Stress and Mental Health in College: A Brief Guide for Students and Parents

By Parth Kalia

 

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College can be one of the most exciting times of our lives. Thinking back to perhaps when you were in college, there are probably many emotions that come to mind, ranging from excitement and anticipation to dread and uncertainty. In today’s article, we elaborate the factors that many students go through in their college years that can add to their stress and affect their mental health.

Newfound Independence and freedom: When we talk about independence in this context, we refer to the fact that our children who are now in college are no longer dependent on their parents to plan their day to day living. In many ways, that translates to some degree to their health and wellbeing. In essence, a college student no longer has someone discouraging them from staying up late and surviving purely on junk food if they so choose. While we may train our children in healthy living; the newfound independence and freedom can mean that they might get into bad habits which ultimately add to the stress of their college life.

The need to fit in vs. the need to Stand out: While in school, we tend to be restricted in the ways we express our uniqueness and individuality. In college, however, we can wear what we want, speak as we choose and behave with fewer restrictions. With this unfettered free will comes the burden of deciding the ways in which we try and fit in and the ways in which we try and stand out from the crowd. This can mean that we risk falling prey to peer-pressure and be someone other than ourselves or that our uniqueness risks us not having a social circle. These counteracting pressures, if not balanced, add to the stress of college.

An Age of Firsts: College can be the time that we come across many firsts. This is the first time we live alone, the first time we are responsible for our own lives, our academic success, the first time we may try things such as alcohol or drugs and, most importantly, make the decisions that will determine the direction of our lives. Our first relationships, our first encounters with real responsibility for our own actions and the consequences that come with our successes and failures. What that translates to can be to mistakenly take on too much and believe ourselves responsible even when we aren’t or to mistakenly not seek help when needed, particularly as it pertains to stress and anxiety.

Prime Age for Mental Health diagnoses: The ages of 18-22 are the ages when many clinical mental health disorders are often noticed, diagnosed or triggered. When placed in a stressful environment and away from the support of the family, individuals may for the first time see symptoms emerge for mental illnesses. Part of this is the stress whereas with certain disorders, their symptoms are thought to emerge in this age group as a feature of the disorder itself. Furthermore, when placed in a setting outside of home, behaviours that may be thought of as normal or attributable to one’s personality finally are put in a setting where they can be compared to others and seen as abnormal.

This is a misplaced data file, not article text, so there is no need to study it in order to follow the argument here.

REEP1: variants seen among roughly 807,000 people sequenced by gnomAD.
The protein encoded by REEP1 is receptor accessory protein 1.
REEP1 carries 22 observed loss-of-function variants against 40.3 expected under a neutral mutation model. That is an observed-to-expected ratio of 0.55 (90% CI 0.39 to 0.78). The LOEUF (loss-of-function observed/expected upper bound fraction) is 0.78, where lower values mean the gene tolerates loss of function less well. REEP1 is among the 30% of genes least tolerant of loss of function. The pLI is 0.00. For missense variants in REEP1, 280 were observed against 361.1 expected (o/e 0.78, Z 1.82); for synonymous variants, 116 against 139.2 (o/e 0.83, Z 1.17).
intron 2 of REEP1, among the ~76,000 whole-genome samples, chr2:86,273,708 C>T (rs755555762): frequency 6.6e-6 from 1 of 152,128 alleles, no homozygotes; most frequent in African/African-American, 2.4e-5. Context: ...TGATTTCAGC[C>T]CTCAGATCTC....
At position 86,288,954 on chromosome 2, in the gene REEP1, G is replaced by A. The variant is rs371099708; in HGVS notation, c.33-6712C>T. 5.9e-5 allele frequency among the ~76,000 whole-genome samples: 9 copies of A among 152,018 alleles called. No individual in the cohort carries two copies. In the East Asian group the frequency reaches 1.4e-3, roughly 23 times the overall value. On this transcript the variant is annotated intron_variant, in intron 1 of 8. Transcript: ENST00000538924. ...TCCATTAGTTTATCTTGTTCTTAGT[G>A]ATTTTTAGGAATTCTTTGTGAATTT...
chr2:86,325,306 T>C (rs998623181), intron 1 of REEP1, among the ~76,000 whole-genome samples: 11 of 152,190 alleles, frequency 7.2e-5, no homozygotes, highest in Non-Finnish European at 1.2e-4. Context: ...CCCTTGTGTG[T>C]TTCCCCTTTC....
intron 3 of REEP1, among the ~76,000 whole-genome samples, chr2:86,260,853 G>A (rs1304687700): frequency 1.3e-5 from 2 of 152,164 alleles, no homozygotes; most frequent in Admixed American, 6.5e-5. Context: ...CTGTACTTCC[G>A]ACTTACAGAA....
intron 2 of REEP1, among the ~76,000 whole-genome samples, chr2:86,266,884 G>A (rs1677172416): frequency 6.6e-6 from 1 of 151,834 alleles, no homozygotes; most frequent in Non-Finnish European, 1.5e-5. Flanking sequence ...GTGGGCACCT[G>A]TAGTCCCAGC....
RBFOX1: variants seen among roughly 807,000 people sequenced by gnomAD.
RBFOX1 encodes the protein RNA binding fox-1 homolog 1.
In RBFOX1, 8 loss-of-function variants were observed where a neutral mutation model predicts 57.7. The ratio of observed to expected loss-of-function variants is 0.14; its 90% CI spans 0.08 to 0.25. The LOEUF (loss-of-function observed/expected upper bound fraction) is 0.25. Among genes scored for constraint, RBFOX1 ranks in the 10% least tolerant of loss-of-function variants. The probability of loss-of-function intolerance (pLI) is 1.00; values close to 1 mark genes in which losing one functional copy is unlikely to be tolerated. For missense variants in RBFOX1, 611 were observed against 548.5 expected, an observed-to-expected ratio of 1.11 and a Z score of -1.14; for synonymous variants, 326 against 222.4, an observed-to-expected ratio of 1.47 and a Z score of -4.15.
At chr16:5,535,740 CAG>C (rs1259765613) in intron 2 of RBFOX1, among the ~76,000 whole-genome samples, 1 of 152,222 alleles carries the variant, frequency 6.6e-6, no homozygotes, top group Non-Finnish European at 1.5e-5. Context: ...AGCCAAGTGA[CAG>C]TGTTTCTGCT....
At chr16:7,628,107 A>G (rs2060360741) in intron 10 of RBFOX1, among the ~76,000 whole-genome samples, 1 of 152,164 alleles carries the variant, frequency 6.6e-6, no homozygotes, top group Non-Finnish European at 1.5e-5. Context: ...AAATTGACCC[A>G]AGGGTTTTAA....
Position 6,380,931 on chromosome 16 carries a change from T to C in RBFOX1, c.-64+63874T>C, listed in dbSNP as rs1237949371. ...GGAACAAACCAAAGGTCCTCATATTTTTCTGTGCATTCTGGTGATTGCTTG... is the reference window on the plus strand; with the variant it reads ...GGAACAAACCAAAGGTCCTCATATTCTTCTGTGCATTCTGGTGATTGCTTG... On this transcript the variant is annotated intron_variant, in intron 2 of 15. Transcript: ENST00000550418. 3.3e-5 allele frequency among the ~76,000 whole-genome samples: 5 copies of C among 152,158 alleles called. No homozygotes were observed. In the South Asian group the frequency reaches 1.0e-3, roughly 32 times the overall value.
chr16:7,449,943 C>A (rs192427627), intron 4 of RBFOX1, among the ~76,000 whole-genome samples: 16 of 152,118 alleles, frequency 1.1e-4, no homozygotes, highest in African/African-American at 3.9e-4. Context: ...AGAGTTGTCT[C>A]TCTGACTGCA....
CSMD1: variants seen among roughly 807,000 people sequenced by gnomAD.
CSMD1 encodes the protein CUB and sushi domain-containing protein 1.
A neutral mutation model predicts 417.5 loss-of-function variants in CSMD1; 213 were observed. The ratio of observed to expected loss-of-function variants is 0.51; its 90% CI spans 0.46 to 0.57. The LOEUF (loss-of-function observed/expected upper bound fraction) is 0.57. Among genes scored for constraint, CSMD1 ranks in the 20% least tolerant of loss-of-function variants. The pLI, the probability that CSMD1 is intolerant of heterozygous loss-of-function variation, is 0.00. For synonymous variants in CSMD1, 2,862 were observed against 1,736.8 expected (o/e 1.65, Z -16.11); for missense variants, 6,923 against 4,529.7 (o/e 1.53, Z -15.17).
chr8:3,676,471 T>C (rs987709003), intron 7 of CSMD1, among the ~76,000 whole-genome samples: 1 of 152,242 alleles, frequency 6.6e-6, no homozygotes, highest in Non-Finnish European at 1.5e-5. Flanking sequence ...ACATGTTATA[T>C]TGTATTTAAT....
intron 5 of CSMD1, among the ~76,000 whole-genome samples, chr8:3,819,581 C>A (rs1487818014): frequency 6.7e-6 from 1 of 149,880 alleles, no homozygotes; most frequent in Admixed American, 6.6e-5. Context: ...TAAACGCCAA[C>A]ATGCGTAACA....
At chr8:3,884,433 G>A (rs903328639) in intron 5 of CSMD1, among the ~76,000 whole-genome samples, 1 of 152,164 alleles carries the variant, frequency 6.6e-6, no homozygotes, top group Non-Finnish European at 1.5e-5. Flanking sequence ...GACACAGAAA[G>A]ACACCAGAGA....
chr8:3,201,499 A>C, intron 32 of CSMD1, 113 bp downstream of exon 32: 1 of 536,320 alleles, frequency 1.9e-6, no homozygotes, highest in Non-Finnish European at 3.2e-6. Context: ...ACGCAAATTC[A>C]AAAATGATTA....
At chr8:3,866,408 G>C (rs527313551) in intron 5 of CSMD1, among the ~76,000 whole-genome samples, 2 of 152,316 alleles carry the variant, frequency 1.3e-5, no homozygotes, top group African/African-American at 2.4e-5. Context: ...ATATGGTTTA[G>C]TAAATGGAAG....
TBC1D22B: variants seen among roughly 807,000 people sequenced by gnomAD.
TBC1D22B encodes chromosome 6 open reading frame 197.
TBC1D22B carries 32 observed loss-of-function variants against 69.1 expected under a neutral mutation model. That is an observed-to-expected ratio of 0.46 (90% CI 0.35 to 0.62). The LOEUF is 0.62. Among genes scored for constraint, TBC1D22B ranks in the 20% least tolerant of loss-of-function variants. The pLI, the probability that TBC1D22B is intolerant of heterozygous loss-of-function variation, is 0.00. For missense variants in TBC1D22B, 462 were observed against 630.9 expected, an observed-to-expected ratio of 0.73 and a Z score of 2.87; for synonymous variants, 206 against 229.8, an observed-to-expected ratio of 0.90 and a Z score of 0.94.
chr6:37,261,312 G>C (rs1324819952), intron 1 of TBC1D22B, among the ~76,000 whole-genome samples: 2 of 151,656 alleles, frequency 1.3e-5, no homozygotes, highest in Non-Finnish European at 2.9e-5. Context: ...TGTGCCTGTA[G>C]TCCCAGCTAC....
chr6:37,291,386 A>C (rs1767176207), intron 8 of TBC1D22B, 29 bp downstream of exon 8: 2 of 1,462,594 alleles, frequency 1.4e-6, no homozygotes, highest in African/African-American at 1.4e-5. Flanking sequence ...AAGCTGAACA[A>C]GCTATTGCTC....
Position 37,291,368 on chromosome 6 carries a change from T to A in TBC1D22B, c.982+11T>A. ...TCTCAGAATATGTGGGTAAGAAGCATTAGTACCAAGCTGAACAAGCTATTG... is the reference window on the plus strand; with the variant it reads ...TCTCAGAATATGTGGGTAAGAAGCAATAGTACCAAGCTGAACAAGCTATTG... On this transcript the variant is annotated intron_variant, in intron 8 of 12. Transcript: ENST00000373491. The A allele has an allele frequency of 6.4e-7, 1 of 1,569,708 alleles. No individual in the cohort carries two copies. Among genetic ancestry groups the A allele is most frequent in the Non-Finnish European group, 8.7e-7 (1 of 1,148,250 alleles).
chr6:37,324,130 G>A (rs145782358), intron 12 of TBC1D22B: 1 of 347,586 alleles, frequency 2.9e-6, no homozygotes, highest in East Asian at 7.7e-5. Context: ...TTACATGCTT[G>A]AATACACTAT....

Importantly, college can be a confluence of all of these factors and create a scenario where a student may face more than just the usual stresses of college. There are many ways to address these concerns but as a parent, here are some basics to start with to teach your college going child about stress and anxiety:

  • Availability of Counselling Services: Colleges under the University Grants Commission (UGC) of India are required to have counselling services for anxiety and stress in place for students. Find out what those are when sending your child to a college and ensure that your child is aware of them.
  • Education: Educate your child about these concerns and teach them that there is no shame in discussing their mental health with a therapist or a trusted elder.
  • Communication: As with many previous concerns ensure that there is an open line of communication between your child and you. As discussed above, the burden of responsibility can sometimes mean that a child can feel shame seeking help for their stress and their mental health concerns since everyone around them is (at least as far as they see it) coping successfully. Make sure they know to reach out and talk to you as needed.

Lastly, when in doubt, seek a consultation with a professional as needed. While there is certainly a line between stress and anxiety, one can often lead to the other and addressing stress and coping can still help your child lead a productive and happy college life.